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love out loud: vonnegut’s disease

I have this disease late at night sometimes, involving alcohol and the telephone. I get drunk…and then, speaking gravely and elegantly into the telephone, I ask the telephone operators to connect me with this friend or that one.
-Kurt Vonnegut, Slaughterhouse Five

My name is Dunja and I am a drunk dialer.

I have long since wondered where this penchant to dial whilst liquored up came from, given that my dislike of using the telephone has afforded me a certain level of notoriety amongst my nearest and dearest. Where others make skype dates, I would sooner log out when someone who may actually desire to hear my voice appears online, assuming I bothered to log on in the first place. My awkwardness on the phone has prompted some to reassess their friendship with me and inspired uncertainty amongst couchsurfing hosts as to my social aptitude.

Nonetheless, I occasionally decide that I must talk to someone, and submit them to ineloquent and possibly incoherent speeches that I later plead not be relayed back to me and unsurprisingly, it is usually love (or lovin’) interests that are on the receiving end of these phone calls.

Suffice it to say that a meaningful relationship has never been the result.

I do sometimes ask myself why I still drink, or at least why I continue to think it is a good idea to have a mobile telephone in my possession when I know I will be drinking. But it was only recently that I truly thought about the harm that inundating someone with drunken phone calls was doing, and not just to my ego.

Whether rightly or wrongly, we often invite others to treat us in much the same way that we treat ourselves. By not awarding what I had to say to someone with the due respect that may have prompted me to tell them while I was sober (and, by extension, not awarding that respect to myself), they likewise had little inclination to listen to my words with much respect for me. Trying to tell my then-boyfriend that I wished we spent more time together came off as desperate. Trying to tell someone I’d only known for a few hours that I thought he was different to anyone I’d ever met came off as maladjustment. My intentions were good, but I failed to communicate much other than the fact that I didn’t think I deserved to be heard.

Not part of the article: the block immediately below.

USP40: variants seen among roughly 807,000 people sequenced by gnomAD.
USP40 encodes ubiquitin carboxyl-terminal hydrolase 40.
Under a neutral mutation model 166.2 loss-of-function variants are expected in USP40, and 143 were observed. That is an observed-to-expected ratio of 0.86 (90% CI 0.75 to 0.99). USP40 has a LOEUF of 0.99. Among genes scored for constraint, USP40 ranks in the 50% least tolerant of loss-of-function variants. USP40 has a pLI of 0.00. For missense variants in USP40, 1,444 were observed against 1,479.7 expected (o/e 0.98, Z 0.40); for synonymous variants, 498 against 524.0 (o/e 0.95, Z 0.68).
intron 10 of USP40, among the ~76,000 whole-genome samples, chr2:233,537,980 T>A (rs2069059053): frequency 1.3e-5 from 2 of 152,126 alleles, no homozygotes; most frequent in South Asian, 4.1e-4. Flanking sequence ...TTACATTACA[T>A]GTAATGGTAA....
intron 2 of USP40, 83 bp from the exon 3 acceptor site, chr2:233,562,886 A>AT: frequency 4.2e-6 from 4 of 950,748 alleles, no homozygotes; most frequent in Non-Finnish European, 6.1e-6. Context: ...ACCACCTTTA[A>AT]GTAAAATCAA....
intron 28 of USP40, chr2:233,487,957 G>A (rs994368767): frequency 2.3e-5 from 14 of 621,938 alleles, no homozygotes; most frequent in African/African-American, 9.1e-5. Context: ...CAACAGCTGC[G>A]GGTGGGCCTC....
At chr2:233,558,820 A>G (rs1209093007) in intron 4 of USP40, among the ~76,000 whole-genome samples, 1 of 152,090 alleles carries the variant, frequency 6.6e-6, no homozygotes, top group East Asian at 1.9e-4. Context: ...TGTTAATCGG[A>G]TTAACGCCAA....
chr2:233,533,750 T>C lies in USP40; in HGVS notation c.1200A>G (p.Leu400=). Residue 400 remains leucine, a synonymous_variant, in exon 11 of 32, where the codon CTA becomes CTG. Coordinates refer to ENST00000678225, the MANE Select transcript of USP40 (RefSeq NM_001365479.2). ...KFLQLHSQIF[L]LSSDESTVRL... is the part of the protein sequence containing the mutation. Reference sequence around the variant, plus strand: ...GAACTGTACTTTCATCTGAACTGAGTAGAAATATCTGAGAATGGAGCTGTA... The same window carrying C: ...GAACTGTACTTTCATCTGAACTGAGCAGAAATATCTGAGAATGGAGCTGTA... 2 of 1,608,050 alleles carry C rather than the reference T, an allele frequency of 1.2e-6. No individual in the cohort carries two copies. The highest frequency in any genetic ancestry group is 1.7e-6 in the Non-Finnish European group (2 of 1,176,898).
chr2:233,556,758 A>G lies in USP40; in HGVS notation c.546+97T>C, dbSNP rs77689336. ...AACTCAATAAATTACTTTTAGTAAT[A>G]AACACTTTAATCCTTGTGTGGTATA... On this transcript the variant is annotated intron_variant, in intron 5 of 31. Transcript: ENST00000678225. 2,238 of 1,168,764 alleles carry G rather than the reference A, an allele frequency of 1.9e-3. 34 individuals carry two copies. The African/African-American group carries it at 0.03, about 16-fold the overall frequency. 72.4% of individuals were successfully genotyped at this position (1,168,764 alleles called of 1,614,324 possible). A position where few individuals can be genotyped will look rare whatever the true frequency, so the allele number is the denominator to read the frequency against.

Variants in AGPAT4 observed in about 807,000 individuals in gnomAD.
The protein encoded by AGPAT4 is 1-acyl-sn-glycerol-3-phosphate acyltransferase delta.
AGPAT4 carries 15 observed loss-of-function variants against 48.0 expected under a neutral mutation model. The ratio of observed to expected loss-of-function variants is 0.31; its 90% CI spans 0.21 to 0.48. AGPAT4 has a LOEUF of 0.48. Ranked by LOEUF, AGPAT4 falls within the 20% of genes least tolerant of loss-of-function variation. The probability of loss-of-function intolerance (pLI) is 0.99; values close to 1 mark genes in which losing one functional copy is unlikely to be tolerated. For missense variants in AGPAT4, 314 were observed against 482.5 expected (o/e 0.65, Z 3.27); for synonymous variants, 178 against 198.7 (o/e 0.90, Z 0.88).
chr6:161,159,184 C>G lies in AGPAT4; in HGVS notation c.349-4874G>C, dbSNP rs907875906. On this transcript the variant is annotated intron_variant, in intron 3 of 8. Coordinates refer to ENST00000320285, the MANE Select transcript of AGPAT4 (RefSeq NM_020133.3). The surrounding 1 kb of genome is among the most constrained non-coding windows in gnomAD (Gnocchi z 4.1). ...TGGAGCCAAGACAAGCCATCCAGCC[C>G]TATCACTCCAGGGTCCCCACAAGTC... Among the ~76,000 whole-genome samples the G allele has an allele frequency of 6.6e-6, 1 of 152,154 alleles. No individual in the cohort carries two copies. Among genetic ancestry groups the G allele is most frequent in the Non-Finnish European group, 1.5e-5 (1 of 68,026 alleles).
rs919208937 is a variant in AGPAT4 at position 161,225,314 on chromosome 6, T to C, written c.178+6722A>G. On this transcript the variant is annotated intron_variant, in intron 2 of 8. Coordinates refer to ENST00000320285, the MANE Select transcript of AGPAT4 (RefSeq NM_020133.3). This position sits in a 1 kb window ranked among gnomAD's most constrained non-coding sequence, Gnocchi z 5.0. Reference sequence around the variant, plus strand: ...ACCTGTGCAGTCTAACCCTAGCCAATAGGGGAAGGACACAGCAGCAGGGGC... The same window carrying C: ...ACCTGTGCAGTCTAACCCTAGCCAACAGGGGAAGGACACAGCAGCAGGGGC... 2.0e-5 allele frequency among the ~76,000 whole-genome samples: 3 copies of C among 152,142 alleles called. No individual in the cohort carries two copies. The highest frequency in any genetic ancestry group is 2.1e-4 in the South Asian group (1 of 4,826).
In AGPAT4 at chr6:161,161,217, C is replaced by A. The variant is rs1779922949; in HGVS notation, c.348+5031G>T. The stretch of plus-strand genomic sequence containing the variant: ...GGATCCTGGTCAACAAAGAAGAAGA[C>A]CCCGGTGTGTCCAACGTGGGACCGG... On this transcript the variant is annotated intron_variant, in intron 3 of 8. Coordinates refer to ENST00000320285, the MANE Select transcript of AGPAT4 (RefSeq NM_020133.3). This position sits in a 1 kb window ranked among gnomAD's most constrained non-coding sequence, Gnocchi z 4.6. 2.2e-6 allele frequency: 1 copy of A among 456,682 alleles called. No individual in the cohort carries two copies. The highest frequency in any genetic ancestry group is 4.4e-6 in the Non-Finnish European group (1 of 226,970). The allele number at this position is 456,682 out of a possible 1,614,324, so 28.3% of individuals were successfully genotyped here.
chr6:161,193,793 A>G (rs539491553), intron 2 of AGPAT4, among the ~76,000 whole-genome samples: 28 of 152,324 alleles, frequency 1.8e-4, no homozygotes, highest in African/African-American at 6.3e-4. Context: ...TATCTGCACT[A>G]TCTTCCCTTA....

Telling someone how you feel makes you vulnerable and has the potential for both rejection and humiliation. But this pales in comparison to the embarrassment that accompanies running into someone you’ve drink ‘n’ dialed.

I’ve been in recovery for about four months now, and feel that I will soon have Vonnegut’s disease well under control –

If only I could figure out how to pronounce his name.

2 thoughts on “love out loud: vonnegut’s disease

  1. The embarrassment of drunk-dialling can only be outweighed by the sheer joy of receiving a drunk-dialled call yourself, which is like chatting to someone in the middle of a plate-spinning act whose just realised they aren’t very good at spinning plates.

  2. Pingback: The Only Good Thing About Getting Older (Pretty Much) | Love Out Loud | Culture | Lip Magazine

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